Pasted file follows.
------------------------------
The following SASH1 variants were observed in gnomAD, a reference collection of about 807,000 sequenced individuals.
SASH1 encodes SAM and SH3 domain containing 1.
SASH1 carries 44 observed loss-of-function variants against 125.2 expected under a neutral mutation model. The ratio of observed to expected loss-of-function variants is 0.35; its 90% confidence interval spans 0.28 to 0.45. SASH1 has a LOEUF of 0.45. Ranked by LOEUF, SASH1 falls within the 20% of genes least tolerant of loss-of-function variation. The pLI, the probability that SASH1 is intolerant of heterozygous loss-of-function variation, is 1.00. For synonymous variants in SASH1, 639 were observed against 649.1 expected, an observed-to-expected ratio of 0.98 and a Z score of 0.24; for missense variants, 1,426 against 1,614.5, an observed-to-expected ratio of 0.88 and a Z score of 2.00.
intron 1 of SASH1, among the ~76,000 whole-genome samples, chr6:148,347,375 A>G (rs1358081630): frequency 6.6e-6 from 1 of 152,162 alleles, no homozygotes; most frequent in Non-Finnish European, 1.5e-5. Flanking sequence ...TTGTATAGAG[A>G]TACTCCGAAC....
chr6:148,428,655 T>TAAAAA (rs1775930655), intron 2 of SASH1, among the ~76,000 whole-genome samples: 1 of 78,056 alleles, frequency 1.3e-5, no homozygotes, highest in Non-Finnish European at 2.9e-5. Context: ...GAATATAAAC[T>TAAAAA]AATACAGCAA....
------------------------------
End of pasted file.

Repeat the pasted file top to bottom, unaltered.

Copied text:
The following SASH1 variants were observed in gnomAD, a reference collection of about 807,000 sequenced individuals.
SASH1 encodes SAM and SH3 domain containing 1.
SASH1 carries 44 observed loss-of-function variants against 125.2 expected under a neutral mutation model. The ratio of observed to expected loss-of-function variants is 0.35; its 90% confidence interval spans 0.28 to 0.45. SASH1 has a LOEUF of 0.45. Ranked by LOEUF, SASH1 falls within the 20% of genes least tolerant of loss-of-function variation. The pLI, the probability that SASH1 is intolerant of heterozygous loss-of-function variation, is 1.00. For synonymous variants in SASH1, 639 were observed against 649.1 expected, an observed-to-expected ratio of 0.98 and a Z score of 0.24; for missense variants, 1,426 against 1,614.5, an observed-to-expected ratio of 0.88 and a Z score of 2.00.
intron 1 of SASH1, among the ~76,000 whole-genome samples, chr6:148,347,375 A>G (rs1358081630): frequency 6.6e-6 from 1 of 152,162 alleles, no homozygotes; most frequent in Non-Finnish European, 1.5e-5. Flanking sequence ...TTGTATAGAG[A>G]TACTCCGAAC....
chr6:148,428,655 T>TAAAAA (rs1775930655), intron 2 of SASH1, among the ~76,000 whole-genome samples: 1 of 78,056 alleles, frequency 1.3e-5, no homozygotes, highest in Non-Finnish European at 2.9e-5. Context: ...GAATATAAAC[T>TAAAAA]AATACAGCAA....